Although adult stages of H. aegyptium exhibit a high host preference and are almost exclusively found on testudinids, the immature stages of this species can also found on other hosts such as Lagomorpha, Erinaceinae and Aves (Fig. 4) [8, 42] which are also preferred by the immature stages of H. marginatum, a primary vector of CCHFV in the Western Palearctic [6, 10, 19] where both tick species can co-feed. Consequently, it is conceivable that the immature stages of H. aegyptium serve as bridge vectors between the well-described, primary CCHFV transmission cycle in H. marginatum and their hosts, and a cryptic CCHFV transmission cycle in H. aegyptium and the species of the Testudinidae. Recently, the importance of cryptic cycles for vector-borne diseases has been further understood and the number of relevant studies has increased. However, most of the studies are focused on mosquito-borne diseases [43,44,45,46], and as for cryptic cycles of tick-borne agents, only Borrelia burgdorferi has been studied in detail [47,48,49,50]. Cryptic cycles have been particularly emphasized in their contributions to enzootic pathogen maintenance in nature as its primary endemic importance particularly when cryptic and primary transmission co-exist [46, 49, 50]. In a comprehensive study recently performed in Tunisia, no CCHFV was detected in adult H. aegyptium specimens collected from T. graeca, and it was claimed that this tick species is unlikely to play a significant role in the epidemiology of CCHF [51]. This statement is not considering that there might be no bridging points in a cryptic and primary transmission cycle that allows spillover from one cycle into the other.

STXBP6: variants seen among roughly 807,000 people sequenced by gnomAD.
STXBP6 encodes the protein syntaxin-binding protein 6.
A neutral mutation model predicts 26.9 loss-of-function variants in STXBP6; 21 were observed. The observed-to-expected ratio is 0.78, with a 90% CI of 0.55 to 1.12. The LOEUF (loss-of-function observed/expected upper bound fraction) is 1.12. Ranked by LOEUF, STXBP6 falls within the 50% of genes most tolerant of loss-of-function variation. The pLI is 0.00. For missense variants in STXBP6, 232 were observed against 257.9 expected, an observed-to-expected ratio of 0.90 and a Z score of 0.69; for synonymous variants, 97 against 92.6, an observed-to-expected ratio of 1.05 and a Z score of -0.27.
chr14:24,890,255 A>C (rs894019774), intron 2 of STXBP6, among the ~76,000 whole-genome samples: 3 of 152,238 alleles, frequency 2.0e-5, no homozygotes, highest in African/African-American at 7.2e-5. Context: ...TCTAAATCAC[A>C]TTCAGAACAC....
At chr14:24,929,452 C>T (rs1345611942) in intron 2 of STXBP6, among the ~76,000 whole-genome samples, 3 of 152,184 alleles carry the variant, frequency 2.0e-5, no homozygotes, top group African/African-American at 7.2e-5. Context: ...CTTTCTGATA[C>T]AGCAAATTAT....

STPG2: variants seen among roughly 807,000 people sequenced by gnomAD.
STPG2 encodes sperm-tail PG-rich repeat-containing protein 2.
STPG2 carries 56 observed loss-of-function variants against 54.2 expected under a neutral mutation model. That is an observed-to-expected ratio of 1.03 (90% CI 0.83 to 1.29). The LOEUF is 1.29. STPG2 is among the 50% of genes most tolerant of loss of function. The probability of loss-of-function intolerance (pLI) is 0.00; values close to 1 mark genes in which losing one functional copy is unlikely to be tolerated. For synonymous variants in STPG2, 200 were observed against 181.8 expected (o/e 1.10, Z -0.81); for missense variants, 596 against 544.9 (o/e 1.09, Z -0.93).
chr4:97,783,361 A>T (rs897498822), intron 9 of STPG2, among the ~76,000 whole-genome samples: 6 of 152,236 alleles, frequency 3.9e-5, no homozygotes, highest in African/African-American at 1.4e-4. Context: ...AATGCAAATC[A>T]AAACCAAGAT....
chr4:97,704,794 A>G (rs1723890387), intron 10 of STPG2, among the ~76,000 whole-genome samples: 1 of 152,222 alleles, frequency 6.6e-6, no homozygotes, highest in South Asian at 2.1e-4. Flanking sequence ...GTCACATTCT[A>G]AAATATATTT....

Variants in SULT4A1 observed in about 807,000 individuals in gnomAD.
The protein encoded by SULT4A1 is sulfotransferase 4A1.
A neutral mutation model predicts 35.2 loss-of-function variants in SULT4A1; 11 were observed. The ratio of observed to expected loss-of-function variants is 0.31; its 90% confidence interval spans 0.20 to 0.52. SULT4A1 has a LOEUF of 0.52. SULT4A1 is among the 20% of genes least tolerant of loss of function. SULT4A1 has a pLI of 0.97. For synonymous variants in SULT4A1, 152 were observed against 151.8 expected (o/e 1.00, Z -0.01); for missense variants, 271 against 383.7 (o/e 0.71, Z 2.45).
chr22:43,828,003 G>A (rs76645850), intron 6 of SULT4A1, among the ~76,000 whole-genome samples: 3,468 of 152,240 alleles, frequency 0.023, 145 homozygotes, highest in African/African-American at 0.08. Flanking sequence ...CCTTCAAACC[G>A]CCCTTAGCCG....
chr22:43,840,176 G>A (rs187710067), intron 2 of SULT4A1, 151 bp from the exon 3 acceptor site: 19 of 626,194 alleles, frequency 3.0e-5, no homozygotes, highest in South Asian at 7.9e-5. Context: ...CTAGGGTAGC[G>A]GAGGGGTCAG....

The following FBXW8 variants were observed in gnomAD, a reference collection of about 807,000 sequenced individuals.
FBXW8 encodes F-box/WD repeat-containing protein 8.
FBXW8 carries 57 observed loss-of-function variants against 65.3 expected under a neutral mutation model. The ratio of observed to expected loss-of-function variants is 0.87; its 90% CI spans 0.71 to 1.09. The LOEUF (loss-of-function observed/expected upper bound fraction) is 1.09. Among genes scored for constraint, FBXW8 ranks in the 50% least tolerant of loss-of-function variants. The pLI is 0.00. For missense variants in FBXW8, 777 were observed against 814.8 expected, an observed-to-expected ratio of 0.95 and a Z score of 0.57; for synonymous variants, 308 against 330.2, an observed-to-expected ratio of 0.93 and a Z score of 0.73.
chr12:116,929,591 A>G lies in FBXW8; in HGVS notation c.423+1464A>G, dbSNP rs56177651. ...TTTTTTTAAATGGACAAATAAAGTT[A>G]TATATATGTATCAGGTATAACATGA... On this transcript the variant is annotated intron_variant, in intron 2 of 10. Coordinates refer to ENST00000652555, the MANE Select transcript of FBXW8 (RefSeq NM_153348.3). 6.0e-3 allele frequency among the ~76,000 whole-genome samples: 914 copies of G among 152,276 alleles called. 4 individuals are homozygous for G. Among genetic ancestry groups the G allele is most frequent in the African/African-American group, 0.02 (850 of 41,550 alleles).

Our results raise the following questions about the cryptic cycle identified in this study: (i) What does the CCHFV replication in the tortoise host look like, and how effective is the transstadial and transovarial transmission of CCHFV in H. aegyptium ticks? (ii) How effective is the CCHFV co-feeding transmission of H. aegyptium and H. marginatum ticks on shared bridging hosts such as hedgehogs, hares and ground-dwelling birds? (iii) What is the risk of CCHFV transmission to humans through the bite of H. aegyptium immature life stages, and is the virulence attenuated in humans due to the adaptation in the H. aegyptium-tortoise cycle? (iv) To what degree can a potential cryptic CCHFV transmission cycle augment the primary cycle or even serve as a long-term reservoir due to the hibernation of tortoises? and (v) Could the cryptic tortoise cycle of CCHFV be of additional importance to the ecological, endemic, as well as the clinical characteristics of CCHF, apart from its possible ability to maintain the virus in its area?